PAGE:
An exceptionally high number of young female scientists will be taking part in the 65th Lindau Nobel Laureate Meeting with the proportion of women amongst the 672 young scientists standing at 42%. According to data from UNESCO, only 30% of all researchers worldwide are female. The percentage of women amongst the Nobel Laureates is significantly lower still – 814 men, but just 46 women have received the award since 1901. This ratio is also reflected at the Lindau Meeting. A record number of almost 70 laureates are attending but just three are female. This year’s Lindau Nobel Laureate Meeting is interdisciplinary and will take place from 28 June to 3 July in Lindau on Lake Constance. The list of participants has now been announced.
“The Lindau Nobel Laureate Meetings are future-oriented. This is indicated not least by the large number of young female scientists taking part. Their presence also sends out a strong message to their home countries to attract and retain more talented women in science,” remarks Helga Nowotny, co-founder and President of the European Research Council (ERC) from 2010 to 2013 and Vice-President of the Council for the Lindau Nobel Laureate Meetings.
Burkhard Fricke, also a member of the Council, emphasises that no female quota was used in the selection of the young scientists: “The young participants were evaluated purely on the basis of specialist criteria. The quality of the applications has once again risen significantly which made selecting the best of the many candidates extremely challenging.” Students, doctoral students and postdocs from a total of 88 countries were accepted. They are conducting research in the Nobel Prize disciplines of medicine, physics or chemistry.
The three female Nobel Laureates who will be coming to Lindau this year are the Frenchwoman Françoise Barré-Sinoussi (Nobel Prize in Medicine in 2008), the Australian Elizabeth Blackburn (Nobel Prize in Medicine in 2009) and Ada Yonath from Israel who became only the fourth woman in the history of the Nobel Prize to be awarded the Nobel Prize in Chemistry in 2009.
During a panel on “Women in Science” at the 2014 Lindau Nobel Laureate Meeting, Elizabeth Blackburn remarked that there was now a pleasingly high proportion of women amongst science students but this was not replicated in lecturing and cutting-edge research. She called upon academic institutions to redouble their efforts to increase opportunities for women in these Areas.
Press Release, 4 March 2015
70 Nobel laureates and 672 young scientists expected at Lindau
70 laureates and 672 young scientists from 88 countries will participate in the 65th Lindau Nobel Laureate Meeting. The young participants, all of whom are excellent students, PhD candidates, and post-docs aged up to 35, have their research focus in the fields of medicine, physics, or chemistry. They had successfully passed a multi-step international selection process, the results of which have now been published. Conceived as an interdisciplinary forum, the meeting will be held from 28 June to 3 July. Its cause is to foster exchange and networking, and to provide inspiration. The Lindau Nobel Laureate Meetings have taken place in the Southern German town of Lindau at Lake Constance annually ever since 1951.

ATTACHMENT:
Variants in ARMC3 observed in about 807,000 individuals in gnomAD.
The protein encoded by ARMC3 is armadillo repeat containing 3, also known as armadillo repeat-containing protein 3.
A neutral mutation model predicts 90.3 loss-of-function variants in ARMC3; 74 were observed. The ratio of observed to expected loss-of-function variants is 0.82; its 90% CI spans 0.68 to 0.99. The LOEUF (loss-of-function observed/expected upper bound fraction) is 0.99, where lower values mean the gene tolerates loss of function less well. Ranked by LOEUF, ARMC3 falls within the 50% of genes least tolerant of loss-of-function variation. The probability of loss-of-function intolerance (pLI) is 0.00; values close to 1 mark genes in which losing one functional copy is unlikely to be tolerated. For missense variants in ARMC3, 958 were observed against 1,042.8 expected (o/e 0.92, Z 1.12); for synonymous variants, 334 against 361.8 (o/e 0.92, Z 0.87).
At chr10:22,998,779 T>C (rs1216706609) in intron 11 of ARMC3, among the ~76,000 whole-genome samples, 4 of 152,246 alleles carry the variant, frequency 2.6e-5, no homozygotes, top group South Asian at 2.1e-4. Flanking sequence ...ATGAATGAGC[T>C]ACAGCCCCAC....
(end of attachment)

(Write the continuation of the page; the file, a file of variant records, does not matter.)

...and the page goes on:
Among the 70 participating laureates are three of last year’s award-winning researchers: Germany’s Stefan Hell as well as the US-Americans Eric Betzig and William E. Moerner. They shared the 2014 Nobel Prize in Chemistry. Many of the other laureates are regular guests at Lindau and have participated in the meetings many times. For instance, it will be the 27th meeting already for Swiss microbiologist and geneticist Werner Arber, recipient of the Nobel Prize in Physiology or Medicine of 1978.
As is the case every five years, the 65th meeting of its kind will bring together scientist of all three natural sciences that are Nobel Prize disciplines. “The scientific landscape of the future will be significantly more interdisciplinarily organised than today because this is the only way we can succeed in dealing with the pending big challenges of mankind. With our interdisciplinary meetings we want to make a contribution to educating the next generation of leading researchers working at the interface of the classical scientific disciplines“, says Wolfgang Lubitz, director of the Max Planck Institute for Chemical Energy Conversion and Vice-President of the Council for the Lindau Nobel Laureate Meetings.
A six-day programme abundant with lectures and panel discussions is in store for the 672 selected young participants. Many consider presenting in one of the master classes a special opportunity. Exchange, networking, and inspiration have been at the core of the Lindau Meetings ever since their establishment in 1951.
The attendance steadily became more international as part of the continuous expansion of the network of academic partner institutions. This year’s participants represent 88 countries, including great research nations like the US, the United Kingdom, Japan, Israel, and Germany just as developing countries like Bangladesh or Zimbabwe. About 200 academies of science, universities, foundations, and researching enterprises of more than 50 countries played an active part in the course of the selection process for young scientists.
“Compared to previous years the quality of the applications has once more increased significantly,” says Burkhard Fricke, professor emeritus for theoretical physics, member of the Council for the Lindau Nobel Laureate Meetings and coordinator of the selection process. “Never before have we seen such an interdisciplinary attendance representing such a broad range of fields like in 2015. A PhD candidate who applies physical-technical methods and uses chemical means to tackle medical questions is not at all an isolated case“.